Facilities departments have always been “out of sight, out of mind” operations in healthcare facilities. Building occupants only tend to think of maintenance and engineering technicians when, for example, a roof leaks or an office is too hot or too cold. But these long-held feelings of being overlooked and underappreciated have never been greater than they are during COVID-19 pandemic.
As hospitalizations spiraled out of control last spring, thousands of people stood at windows and on front porches or balconies each evening, clapping for doctors and nurses and emergency workers who were risking their lives to care for the sick and dying. That praise was well deserved, but it left out millions of nursing aides, housekeepers, medical assistants, food service workers, and many more healthcare workers largely invisible to the general public, according to Nonprofit Quarterly.
Ten months into the crisis, as COVID-19 surges across the country, millions of low-wage workers who have been crucial to our COVID response are demanding to be prioritized, so that they can stay safe and protect their families from a sometimes-fatal disease.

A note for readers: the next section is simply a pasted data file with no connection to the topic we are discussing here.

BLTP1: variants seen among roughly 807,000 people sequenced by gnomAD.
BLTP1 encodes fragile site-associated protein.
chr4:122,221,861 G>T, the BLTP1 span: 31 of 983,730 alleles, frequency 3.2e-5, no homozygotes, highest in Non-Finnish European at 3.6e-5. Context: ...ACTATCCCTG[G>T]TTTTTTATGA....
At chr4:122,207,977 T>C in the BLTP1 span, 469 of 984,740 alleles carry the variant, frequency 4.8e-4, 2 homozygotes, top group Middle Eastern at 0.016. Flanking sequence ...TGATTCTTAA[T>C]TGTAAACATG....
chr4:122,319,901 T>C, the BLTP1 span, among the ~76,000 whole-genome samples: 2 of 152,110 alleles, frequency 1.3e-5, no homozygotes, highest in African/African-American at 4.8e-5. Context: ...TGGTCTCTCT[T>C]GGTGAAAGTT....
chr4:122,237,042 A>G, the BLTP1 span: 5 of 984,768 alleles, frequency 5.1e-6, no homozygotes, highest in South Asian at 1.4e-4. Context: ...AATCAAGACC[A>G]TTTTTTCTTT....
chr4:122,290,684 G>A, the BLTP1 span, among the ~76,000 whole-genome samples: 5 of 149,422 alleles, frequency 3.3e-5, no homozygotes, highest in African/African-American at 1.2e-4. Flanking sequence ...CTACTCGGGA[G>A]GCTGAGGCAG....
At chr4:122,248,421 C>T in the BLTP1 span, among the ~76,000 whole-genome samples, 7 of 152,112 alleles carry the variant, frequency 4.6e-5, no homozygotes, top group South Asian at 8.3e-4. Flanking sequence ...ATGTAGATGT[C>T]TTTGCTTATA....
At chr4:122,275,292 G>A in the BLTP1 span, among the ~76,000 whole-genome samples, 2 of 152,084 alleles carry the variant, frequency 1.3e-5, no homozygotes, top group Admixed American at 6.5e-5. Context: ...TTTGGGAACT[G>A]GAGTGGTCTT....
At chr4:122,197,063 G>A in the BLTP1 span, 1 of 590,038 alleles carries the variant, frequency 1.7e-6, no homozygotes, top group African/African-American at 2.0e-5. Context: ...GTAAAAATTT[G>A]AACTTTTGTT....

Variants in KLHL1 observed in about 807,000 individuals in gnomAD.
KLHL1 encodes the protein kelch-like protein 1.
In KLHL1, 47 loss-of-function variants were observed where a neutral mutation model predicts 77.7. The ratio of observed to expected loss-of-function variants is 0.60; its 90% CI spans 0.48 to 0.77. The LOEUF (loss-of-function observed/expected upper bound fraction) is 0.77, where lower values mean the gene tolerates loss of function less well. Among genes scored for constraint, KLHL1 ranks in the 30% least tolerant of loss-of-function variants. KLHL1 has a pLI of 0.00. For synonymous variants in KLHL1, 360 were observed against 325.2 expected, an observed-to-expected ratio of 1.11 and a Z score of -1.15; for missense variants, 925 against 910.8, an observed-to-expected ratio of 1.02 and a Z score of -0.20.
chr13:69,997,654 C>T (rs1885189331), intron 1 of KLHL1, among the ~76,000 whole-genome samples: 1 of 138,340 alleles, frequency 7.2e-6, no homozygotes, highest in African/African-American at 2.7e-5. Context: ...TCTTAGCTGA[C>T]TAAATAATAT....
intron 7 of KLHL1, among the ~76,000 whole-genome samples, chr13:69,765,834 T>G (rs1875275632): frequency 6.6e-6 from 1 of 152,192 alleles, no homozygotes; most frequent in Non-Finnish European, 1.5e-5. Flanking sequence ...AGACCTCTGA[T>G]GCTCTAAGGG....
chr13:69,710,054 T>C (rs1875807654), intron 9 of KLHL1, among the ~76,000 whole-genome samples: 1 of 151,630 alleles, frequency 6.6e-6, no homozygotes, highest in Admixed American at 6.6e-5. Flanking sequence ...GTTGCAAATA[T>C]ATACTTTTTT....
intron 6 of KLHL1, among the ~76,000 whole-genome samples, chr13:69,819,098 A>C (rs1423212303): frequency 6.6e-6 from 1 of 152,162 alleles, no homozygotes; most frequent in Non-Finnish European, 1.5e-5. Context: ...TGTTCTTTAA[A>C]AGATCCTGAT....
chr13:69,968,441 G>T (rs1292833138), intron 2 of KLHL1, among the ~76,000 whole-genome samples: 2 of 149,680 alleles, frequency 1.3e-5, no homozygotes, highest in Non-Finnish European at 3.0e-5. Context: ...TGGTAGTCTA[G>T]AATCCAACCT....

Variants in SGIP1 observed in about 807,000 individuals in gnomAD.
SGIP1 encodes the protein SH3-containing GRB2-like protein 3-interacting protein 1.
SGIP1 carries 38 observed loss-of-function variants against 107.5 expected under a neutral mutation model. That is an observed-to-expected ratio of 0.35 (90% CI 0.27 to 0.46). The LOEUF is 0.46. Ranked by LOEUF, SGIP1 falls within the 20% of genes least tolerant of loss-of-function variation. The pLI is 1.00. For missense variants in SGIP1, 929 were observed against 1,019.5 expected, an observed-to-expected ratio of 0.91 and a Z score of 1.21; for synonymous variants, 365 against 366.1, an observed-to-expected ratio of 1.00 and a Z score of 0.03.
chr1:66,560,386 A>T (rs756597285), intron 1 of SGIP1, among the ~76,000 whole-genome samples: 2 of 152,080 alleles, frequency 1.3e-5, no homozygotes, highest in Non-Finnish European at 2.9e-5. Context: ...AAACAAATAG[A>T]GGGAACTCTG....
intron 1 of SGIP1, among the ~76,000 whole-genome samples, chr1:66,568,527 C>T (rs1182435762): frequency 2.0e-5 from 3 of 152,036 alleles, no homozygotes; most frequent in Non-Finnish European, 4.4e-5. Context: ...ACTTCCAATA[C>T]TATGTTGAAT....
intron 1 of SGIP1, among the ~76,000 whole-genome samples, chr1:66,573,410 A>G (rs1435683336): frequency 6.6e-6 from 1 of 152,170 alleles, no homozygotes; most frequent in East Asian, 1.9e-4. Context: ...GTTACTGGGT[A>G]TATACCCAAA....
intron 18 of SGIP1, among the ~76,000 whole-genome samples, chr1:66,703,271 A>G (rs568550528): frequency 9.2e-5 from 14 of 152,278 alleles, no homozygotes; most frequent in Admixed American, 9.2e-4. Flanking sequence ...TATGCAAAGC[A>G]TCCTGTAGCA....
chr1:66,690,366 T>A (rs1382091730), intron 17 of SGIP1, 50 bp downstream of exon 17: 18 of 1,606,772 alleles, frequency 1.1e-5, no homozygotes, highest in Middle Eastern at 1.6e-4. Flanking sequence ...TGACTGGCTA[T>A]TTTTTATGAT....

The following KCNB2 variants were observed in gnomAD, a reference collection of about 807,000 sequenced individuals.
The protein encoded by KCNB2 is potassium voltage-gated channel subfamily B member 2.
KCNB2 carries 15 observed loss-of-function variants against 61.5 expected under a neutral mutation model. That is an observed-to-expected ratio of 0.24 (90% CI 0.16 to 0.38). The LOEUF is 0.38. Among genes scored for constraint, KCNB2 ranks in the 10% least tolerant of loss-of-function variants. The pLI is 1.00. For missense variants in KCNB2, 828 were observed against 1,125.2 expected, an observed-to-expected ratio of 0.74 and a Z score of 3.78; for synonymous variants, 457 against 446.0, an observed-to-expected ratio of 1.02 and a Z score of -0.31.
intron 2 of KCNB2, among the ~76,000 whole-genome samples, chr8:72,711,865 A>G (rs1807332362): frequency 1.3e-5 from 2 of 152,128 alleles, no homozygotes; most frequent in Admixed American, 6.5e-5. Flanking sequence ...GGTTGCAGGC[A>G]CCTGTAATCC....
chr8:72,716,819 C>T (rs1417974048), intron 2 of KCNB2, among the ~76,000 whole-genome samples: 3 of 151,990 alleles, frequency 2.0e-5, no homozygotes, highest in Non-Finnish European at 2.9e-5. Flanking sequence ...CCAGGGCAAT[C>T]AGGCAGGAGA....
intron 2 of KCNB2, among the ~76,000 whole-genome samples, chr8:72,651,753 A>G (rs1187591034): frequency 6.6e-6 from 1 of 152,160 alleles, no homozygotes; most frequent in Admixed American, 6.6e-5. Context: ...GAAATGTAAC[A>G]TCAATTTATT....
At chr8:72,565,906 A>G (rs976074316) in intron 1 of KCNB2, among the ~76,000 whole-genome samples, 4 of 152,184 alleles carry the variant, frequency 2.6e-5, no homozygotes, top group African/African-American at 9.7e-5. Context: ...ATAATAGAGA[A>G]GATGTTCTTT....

Beyond doctors and nurses, another 7 million workers occupy “low-wage” roles that also involve direct contact with patients, including environmental service workers, janitors, and kitchen and dining workers in hospitals, nursing homes, and other residential care settings.
These workers earn a median wage of $13.48 per hour. Among the lowest paid are home health and personal care workers, who earn a median hourly wage of $11.57.
Beyond wages, it is clear that PPE shortages are one of the key factors that put healthcare workers at risk — and as cases surge again, the supply problem continues to be unresolved.
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